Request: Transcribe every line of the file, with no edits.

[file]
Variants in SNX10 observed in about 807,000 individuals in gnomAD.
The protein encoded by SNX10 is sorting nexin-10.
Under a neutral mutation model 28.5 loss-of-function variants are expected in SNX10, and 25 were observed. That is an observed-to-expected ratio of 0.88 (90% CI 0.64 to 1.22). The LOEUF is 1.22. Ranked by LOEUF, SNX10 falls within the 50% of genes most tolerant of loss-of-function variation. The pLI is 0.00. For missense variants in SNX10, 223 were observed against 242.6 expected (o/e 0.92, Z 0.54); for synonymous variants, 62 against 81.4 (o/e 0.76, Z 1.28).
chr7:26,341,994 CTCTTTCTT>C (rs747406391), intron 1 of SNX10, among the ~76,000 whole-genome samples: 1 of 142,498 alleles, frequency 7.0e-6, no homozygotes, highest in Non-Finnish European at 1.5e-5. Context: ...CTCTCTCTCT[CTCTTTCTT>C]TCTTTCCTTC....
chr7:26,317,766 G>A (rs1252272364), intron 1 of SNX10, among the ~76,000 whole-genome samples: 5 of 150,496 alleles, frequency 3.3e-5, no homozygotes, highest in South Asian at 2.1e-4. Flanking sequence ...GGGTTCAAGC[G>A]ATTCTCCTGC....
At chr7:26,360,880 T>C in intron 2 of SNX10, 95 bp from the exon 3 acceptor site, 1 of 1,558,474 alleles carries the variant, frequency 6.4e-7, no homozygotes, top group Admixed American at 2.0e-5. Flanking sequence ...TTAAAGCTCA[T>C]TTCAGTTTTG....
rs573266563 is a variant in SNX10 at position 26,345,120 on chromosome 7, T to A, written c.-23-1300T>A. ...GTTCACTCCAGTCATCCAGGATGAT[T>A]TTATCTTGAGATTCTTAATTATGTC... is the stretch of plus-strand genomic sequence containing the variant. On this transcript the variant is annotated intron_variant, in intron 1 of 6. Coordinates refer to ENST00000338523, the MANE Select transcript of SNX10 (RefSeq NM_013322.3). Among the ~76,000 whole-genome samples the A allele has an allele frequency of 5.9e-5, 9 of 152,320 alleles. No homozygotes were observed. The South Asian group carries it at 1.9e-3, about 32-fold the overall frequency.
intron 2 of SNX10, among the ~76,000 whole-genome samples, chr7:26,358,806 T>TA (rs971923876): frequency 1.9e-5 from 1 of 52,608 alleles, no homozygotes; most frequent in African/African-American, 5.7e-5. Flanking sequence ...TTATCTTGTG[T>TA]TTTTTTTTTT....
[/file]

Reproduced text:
Variants in SNX10 observed in about 807,000 individuals in gnomAD.
The protein encoded by SNX10 is sorting nexin-10.
Under a neutral mutation model 28.5 loss-of-function variants are expected in SNX10, and 25 were observed. That is an observed-to-expected ratio of 0.88 (90% CI 0.64 to 1.22). The LOEUF is 1.22. Ranked by LOEUF, SNX10 falls within the 50% of genes most tolerant of loss-of-function variation. The pLI is 0.00. For missense variants in SNX10, 223 were observed against 242.6 expected (o/e 0.92, Z 0.54); for synonymous variants, 62 against 81.4 (o/e 0.76, Z 1.28).
chr7:26,341,994 CTCTTTCTT>C (rs747406391), intron 1 of SNX10, among the ~76,000 whole-genome samples: 1 of 142,498 alleles, frequency 7.0e-6, no homozygotes, highest in Non-Finnish European at 1.5e-5. Context: ...CTCTCTCTCT[CTCTTTCTT>C]TCTTTCCTTC....
chr7:26,317,766 G>A (rs1252272364), intron 1 of SNX10, among the ~76,000 whole-genome samples: 5 of 150,496 alleles, frequency 3.3e-5, no homozygotes, highest in South Asian at 2.1e-4. Flanking sequence ...GGGTTCAAGC[G>A]ATTCTCCTGC....
At chr7:26,360,880 T>C in intron 2 of SNX10, 95 bp from the exon 3 acceptor site, 1 of 1,558,474 alleles carries the variant, frequency 6.4e-7, no homozygotes, top group Admixed American at 2.0e-5. Flanking sequence ...TTAAAGCTCA[T>C]TTCAGTTTTG....
rs573266563 is a variant in SNX10 at position 26,345,120 on chromosome 7, T to A, written c.-23-1300T>A. ...GTTCACTCCAGTCATCCAGGATGAT[T>A]TTATCTTGAGATTCTTAATTATGTC... is the stretch of plus-strand genomic sequence containing the variant. On this transcript the variant is annotated intron_variant, in intron 1 of 6. Coordinates refer to ENST00000338523, the MANE Select transcript of SNX10 (RefSeq NM_013322.3). Among the ~76,000 whole-genome samples the A allele has an allele frequency of 5.9e-5, 9 of 152,320 alleles. No homozygotes were observed. The South Asian group carries it at 1.9e-3, about 32-fold the overall frequency.
intron 2 of SNX10, among the ~76,000 whole-genome samples, chr7:26,358,806 T>TA (rs971923876): frequency 1.9e-5 from 1 of 52,608 alleles, no homozygotes; most frequent in African/African-American, 5.7e-5. Flanking sequence ...TTATCTTGTG[T>TA]TTTTTTTTTT....